Referring to FIGS. 2 and 3, a device comprising a reactor 28 is provided. A first reactant flow path 50 defines the reactor 28. The first reactant flow path 50 comprises a length L. The first reactant flow path 50 may extend along a channel 62 which may comprise a length L, an inlet 52, and an outlet 54. Although the first reactant flow path 50 is illustrated as a single line between the inlet 52 and the outlet 54 of the channel 62, it will be understood that the first reactant flow path 50 may extend along the length L of the channel 62 to take up the available volume of the channel 62. For purposes of defining and describing the present invention, “channel” will be understood as referring to any suitable structure of any suitable shape having at least one inlet and at least one outlet.

The first reactant flow path 50 is configured to enable a first reactant stream (not shown) to flow along the length of the first reactant flow path 50 from a beginning 66 of the length L of the first reactant flow path 50 to an end 68 of the length L of the first reactant flow path 50. The first reactant flow path 50 may extend along the length L of the channel 62 between the channel inlet 52 and the channel outlet 54. Although the first reactant flow path 50 and the channel 62 are illustrated as being linear, it will be understood that the first reactant flow path 50 and the channel 62 may have any suitable shape including but not limited to, curved, spiral, and an irregular shape.

The reactor has at least one catalyst 58 disposed along the first reactant flow path. The catalyst 58 is selected to alter a rate of reaction of first and second reactants. In accordance with one embodiment, the catalyst 58 may comprise a preferential oxidation catalyst selected to alter the reaction rates of a first reactant, carbon monoxide, with a second reactant, oxygen. The preferential oxidation catalyst may be any suitable preferential oxidation catalyst. For example, the preferential oxidation catalyst may be selected from platinum, platinum alloys, noble metal catalysts, promoted noble metal catalysts, Au, promoted Au, and combinations thereof. The reactant flow path 50 is configured to enable the first reactant stream to contact the catalyst 58.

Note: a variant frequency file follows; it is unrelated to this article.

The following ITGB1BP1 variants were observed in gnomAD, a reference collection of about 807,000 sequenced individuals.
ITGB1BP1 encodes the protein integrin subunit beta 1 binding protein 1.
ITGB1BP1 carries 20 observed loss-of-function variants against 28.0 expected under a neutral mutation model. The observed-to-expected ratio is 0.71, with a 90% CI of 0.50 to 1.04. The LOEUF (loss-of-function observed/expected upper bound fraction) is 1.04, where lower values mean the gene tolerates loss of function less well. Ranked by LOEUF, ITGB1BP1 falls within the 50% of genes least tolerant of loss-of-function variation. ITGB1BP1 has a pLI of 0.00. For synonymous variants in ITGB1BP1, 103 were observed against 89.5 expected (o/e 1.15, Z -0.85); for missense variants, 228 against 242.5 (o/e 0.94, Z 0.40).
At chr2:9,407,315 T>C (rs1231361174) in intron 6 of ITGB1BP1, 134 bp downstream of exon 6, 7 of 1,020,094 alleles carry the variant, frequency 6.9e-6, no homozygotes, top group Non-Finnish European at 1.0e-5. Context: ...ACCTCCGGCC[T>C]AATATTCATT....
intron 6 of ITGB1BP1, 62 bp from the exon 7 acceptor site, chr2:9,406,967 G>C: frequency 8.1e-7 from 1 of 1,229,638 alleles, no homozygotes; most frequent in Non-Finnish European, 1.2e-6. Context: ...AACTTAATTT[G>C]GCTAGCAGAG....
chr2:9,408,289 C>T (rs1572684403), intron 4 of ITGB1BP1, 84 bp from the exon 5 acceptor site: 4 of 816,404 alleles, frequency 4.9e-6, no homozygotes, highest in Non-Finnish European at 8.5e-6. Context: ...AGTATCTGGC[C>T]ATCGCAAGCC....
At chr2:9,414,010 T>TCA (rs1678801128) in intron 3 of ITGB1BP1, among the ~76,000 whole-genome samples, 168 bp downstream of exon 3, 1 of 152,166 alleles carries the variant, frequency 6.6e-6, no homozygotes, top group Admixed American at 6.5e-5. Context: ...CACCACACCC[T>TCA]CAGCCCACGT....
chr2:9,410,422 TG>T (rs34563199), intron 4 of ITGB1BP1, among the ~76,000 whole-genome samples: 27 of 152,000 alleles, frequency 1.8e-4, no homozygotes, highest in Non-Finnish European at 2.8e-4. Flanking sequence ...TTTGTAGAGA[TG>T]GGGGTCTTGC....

The reactor 28 comprises a second reactant flow path 56, which may be proximate to the first reactant flow path 50. The second reactant flow path 56 may be configured to enable a second reactant stream (not shown) to flow proximate to the first reactant stream along the length L of the first reactant flow path 50. The second reactant flow path 56 is configured to enable a second reactant 60 from the second reactant stream to be continuously introduced to the first reactant flow path 50 along at least a portion of the length L of the first reactant flow path 50. It will be understood that “continuously introduced” refers to the second reactant being continuously available to the first reactant flow path along a point upstream to a point downstream along at least a portion of the length L of the first reactant flow path. The reactor 28 may have an additional source 80 of the second reactant configured to enable the second reactant from the additional source 80 to be discretely introduced to a portion of the first reactant flow path proximate to the beginning 66 of the first reactant flow path 50. It will be understood that “discretely introduced” refers to the second reactant being introduced in a one-time addition at a single point along the length L of the first reactant flow path 50.